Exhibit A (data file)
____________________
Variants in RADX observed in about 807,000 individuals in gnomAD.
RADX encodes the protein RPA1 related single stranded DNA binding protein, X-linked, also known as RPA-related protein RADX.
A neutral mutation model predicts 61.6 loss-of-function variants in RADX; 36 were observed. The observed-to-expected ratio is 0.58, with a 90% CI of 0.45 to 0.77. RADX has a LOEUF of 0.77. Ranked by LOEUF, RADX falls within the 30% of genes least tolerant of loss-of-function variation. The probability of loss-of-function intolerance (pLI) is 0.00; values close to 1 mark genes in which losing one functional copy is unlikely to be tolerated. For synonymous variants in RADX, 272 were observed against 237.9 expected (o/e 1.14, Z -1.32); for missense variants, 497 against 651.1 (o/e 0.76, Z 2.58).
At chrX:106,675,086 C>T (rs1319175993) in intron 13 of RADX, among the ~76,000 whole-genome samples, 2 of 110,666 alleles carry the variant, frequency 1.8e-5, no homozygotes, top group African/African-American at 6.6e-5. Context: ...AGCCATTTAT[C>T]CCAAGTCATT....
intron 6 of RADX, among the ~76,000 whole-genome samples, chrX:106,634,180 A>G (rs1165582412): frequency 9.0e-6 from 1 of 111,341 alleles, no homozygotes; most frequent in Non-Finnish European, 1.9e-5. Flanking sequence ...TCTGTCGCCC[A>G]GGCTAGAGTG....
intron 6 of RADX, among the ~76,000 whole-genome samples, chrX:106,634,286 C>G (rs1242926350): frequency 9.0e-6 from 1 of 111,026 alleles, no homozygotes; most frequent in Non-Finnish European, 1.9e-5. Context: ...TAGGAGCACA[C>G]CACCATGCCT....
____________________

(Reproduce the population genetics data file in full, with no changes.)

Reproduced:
Variants in RADX observed in about 807,000 individuals in gnomAD.
RADX encodes the protein RPA1 related single stranded DNA binding protein, X-linked, also known as RPA-related protein RADX.
A neutral mutation model predicts 61.6 loss-of-function variants in RADX; 36 were observed. The observed-to-expected ratio is 0.58, with a 90% CI of 0.45 to 0.77. RADX has a LOEUF of 0.77. Ranked by LOEUF, RADX falls within the 30% of genes least tolerant of loss-of-function variation. The probability of loss-of-function intolerance (pLI) is 0.00; values close to 1 mark genes in which losing one functional copy is unlikely to be tolerated. For synonymous variants in RADX, 272 were observed against 237.9 expected (o/e 1.14, Z -1.32); for missense variants, 497 against 651.1 (o/e 0.76, Z 2.58).
At chrX:106,675,086 C>T (rs1319175993) in intron 13 of RADX, among the ~76,000 whole-genome samples, 2 of 110,666 alleles carry the variant, frequency 1.8e-5, no homozygotes, top group African/African-American at 6.6e-5. Context: ...AGCCATTTAT[C>T]CCAAGTCATT....
intron 6 of RADX, among the ~76,000 whole-genome samples, chrX:106,634,180 A>G (rs1165582412): frequency 9.0e-6 from 1 of 111,341 alleles, no homozygotes; most frequent in Non-Finnish European, 1.9e-5. Flanking sequence ...TCTGTCGCCC[A>G]GGCTAGAGTG....
intron 6 of RADX, among the ~76,000 whole-genome samples, chrX:106,634,286 C>G (rs1242926350): frequency 9.0e-6 from 1 of 111,026 alleles, no homozygotes; most frequent in Non-Finnish European, 1.9e-5. Context: ...TAGGAGCACA[C>G]CACCATGCCT....